Letter from the Editors
The WAR issue
Our second issue, WAR, is here, exploring the gendered dimensions of food in times of conflict. With stories of ingenuity and resilience coming everywhere from Kashmir to occupied Paris in World War II, you won’t want to miss it.
War. A state of armed conflict between different countries or different groups within a country. It has reshaped nations, merged and split peoples, and changed the course of human history. Feminist Food Journal’s second issue, WAR, considers how gender and food intersect during times of conflict, when food is both a weapon and a lifeline and women fight not only on the front lines but also from kitchens, supermarkets, and the streets.
In wartime, looking at food is a window into broader societal dynamics, one that reveals how women are constrained not only by acute conflict but also by chronic oppression. It also illuminates how we fight back. The pieces in this issue explore and celebrate the resilience, ingenuity, and power of women and our food practices in conflicts both historical — the French Revolution, World War II — and contemporary — the Kashmir conflict, the occupation of Palestine, #EndSARS in Nigeria, and the global war on fatness. Through diverse perspectives and with vivid prose, our writers bring to life characters whose stories are often overlooked in times of war, despite the centrality of their actions to resistance and reconstruction. We’re proud to bring you:
Dying For Sardines: Gender and food politics in occupied Paris (audio) | Isabela Vera
House of Meat: In Bethlehem, the tomato tells of steadfast resistance | Rachel Hobley
When we started planning for this issue, we had no idea that for many people, war would suddenly be closer than ever. It’s a critical time for intersectional perspectives on gender, food, and conflict, as headlines from Ukraine on the struggles of trans and non-binary, non-white, pregnant, and elderly people have reminded us. Meanwhile, driven by the same war, a global food and cost-of-living crisis is unfurling — destined, like all crises, to punish women and people with marginalized identities most harshly. With this publication, we want to acknowledge the horror of the current moment in Ukraine while honouring the grim reality that many people in this world have lived in the shadow of war for some or all of their lives.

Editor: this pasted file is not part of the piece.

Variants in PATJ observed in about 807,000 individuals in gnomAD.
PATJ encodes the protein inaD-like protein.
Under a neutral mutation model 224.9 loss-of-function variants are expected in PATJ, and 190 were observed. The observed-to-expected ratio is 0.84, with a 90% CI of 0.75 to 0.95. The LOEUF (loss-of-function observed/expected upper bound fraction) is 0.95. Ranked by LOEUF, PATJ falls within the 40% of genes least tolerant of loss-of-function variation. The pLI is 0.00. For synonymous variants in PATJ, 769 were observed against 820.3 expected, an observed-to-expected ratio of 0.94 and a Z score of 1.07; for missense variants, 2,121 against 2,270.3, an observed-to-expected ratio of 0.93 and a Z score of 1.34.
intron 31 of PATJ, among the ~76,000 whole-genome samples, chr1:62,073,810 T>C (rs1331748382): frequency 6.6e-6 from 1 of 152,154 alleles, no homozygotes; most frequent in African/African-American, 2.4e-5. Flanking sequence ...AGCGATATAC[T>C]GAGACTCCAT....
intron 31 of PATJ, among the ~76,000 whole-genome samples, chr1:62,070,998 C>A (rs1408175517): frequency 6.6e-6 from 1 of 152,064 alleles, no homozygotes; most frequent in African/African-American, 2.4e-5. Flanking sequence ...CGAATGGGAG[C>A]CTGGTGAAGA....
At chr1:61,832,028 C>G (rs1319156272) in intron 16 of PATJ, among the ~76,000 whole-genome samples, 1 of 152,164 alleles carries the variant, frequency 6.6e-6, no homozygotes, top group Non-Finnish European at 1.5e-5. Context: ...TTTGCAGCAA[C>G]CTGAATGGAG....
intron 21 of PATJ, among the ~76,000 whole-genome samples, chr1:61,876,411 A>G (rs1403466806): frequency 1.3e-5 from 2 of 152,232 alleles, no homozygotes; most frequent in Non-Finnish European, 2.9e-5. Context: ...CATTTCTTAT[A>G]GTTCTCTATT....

So where do we go from here? What we’re taking away most from this issue is the resiliency of the human spirit and the myriad ways in which food nourishes it. It may sound contrived, but during an editing season when reading the news brought much despair, researching the role of French communist women in undermining the Vichy regime by throwing sardine cans, how a housewife in Kashmir runs a groundbreaking women-only political club from her kitchen, or the ways in which actions as (seemingly) simple as choosing a tomato in occupied Palestine can constitute meaningful resistance, filled us with a cautious sense of hope. Even in the face of the most adverse circumstances, people have persisted, and although they shouldn’t have to — especially not so hard and for so long — they will do it again. And the centrality of food, materially and symbolically, means that it will continue to form the backbone of this persistence, embedded in our habits, meals, and domestic and political spaces.
We hope you enjoy the issue and that it lifts your spirits as it did ours. Please let us know on social media, in the comment thread below, or by email (firstname.lastname@example.org) what you thought; we’d love to connect with you.
Finally, please consider supporting Feminist Food Journal if you can. Unlike our first issue, MILK, which was freely available in full, two pieces from this issue are behind a paywall. We run Feminist Food Journal as volunteers, and for now, this is fine. On volunteering, Cheryl Rivera, one of the editors of Lux, a magazine that we deeply admire, put it perfectly in her interview with Kerry Cardoza at Study Hall:
“I consider it a sort of world-building project. It’s necessary work.”
But we need to be able to pay our writers fairly. We increased our rates from USD100 to USD130 per article between our first and second issue, and we’d be grateful if you would consider supporting us to continue this upward climb — so if you haven’t yet become a paid subscriber, please consider doing so for as little as $3.75 per month. (If this is not possible for you but you’d still like to read the full issue, please reach out!)
With that, we’re now going to be (rather dramatically) switching tracks: pitches for our third issue, SEX, closed last week. We’re busy reading through all of the juicy ideas that have come our way and can’t wait to share what is sure to be a thoughtful, creative, hot, and horny third issue with you soon.